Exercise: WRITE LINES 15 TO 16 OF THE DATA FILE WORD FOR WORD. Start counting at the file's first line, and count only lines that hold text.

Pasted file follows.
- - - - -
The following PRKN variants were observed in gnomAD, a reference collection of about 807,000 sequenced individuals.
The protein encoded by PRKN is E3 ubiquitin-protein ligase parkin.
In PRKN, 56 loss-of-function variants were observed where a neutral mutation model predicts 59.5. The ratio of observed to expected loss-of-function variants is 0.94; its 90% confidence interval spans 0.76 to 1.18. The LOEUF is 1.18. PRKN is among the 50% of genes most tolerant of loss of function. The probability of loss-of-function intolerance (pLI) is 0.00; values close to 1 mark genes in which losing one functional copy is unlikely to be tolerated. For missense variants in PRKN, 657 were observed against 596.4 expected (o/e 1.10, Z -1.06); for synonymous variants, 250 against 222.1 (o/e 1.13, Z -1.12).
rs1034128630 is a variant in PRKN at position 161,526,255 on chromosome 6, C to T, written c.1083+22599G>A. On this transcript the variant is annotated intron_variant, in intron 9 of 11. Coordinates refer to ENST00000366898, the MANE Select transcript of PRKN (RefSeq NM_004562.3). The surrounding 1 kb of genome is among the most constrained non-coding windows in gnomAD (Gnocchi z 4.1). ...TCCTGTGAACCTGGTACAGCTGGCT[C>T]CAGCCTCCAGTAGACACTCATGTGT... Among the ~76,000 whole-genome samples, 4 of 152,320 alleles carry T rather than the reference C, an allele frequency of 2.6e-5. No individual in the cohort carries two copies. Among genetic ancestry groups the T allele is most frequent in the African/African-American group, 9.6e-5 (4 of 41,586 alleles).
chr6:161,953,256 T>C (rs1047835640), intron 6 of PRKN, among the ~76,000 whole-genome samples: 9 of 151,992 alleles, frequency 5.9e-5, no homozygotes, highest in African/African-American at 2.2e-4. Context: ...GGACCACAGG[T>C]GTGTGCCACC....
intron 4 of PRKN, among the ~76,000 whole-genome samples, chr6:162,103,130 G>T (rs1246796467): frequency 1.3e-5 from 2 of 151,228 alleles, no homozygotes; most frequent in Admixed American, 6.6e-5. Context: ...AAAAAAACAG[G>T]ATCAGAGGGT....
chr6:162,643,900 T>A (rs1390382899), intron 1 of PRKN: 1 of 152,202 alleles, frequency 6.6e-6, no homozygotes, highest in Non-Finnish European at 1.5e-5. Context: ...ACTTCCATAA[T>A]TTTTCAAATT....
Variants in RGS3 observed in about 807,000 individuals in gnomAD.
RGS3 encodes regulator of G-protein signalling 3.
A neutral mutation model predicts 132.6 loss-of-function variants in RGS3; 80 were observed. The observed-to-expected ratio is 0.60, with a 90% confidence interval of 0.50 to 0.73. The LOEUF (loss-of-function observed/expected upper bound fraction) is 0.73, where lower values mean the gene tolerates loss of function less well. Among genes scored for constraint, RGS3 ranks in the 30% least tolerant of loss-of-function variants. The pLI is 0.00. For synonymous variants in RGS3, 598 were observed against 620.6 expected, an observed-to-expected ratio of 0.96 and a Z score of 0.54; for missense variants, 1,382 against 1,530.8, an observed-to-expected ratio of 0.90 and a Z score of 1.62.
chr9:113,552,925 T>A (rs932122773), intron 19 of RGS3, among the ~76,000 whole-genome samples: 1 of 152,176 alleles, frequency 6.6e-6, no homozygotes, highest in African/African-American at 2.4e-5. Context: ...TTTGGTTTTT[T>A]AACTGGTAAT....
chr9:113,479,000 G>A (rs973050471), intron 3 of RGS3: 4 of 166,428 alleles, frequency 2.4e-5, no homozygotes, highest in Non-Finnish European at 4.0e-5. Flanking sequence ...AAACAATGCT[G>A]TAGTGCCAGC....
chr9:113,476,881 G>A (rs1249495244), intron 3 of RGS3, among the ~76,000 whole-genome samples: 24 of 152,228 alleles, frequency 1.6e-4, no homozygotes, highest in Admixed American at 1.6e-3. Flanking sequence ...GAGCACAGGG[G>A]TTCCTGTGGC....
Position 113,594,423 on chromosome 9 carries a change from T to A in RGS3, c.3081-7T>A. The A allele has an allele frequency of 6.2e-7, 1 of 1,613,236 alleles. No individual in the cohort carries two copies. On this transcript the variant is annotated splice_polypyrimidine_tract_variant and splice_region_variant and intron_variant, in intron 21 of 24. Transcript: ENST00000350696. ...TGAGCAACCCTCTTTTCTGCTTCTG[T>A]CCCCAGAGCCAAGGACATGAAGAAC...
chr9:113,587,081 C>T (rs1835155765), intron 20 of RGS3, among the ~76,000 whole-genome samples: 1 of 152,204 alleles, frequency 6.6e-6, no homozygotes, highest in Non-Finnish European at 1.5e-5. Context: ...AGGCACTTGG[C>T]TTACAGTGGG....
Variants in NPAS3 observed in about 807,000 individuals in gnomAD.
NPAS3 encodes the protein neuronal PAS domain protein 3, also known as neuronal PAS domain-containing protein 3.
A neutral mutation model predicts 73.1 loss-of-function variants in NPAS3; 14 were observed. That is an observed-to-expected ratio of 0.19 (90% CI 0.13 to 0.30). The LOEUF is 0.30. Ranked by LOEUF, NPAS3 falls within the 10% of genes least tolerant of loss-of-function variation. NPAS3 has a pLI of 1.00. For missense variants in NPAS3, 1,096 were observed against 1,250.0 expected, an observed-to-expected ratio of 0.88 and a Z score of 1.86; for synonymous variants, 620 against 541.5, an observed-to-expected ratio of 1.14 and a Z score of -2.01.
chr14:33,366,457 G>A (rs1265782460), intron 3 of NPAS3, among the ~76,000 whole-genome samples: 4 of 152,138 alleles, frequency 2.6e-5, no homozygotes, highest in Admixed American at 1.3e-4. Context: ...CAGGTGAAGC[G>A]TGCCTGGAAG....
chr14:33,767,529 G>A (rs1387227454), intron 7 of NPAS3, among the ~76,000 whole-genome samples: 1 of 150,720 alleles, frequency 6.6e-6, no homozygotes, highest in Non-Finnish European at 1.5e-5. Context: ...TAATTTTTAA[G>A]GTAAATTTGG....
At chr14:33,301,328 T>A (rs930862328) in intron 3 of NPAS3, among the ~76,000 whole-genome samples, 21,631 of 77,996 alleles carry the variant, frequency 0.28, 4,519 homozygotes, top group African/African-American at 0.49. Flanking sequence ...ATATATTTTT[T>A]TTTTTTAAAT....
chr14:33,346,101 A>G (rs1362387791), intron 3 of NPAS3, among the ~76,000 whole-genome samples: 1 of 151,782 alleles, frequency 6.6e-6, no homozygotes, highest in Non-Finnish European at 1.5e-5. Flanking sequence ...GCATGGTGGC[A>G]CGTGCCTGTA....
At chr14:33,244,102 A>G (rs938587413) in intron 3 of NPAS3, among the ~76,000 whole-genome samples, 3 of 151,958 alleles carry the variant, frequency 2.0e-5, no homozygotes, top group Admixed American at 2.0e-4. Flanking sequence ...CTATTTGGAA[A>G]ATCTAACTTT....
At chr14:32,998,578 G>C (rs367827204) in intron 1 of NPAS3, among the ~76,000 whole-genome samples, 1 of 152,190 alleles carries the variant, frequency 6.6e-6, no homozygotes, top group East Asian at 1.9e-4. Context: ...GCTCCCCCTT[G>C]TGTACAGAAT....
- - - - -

chr9:113,587,081 C>T (rs1835155765), intron 20 of RGS3, among the ~76,000 whole-genome samples: 1 of 152,204 alleles, frequency 6.6e-6, no homozygotes, highest in Non-Finnish European at 1.5e-5. Context: ...AGGCACTTGG[C>T]TTACAGTGGG....
Variants in NPAS3 observed in about 807,000 individuals in gnomAD.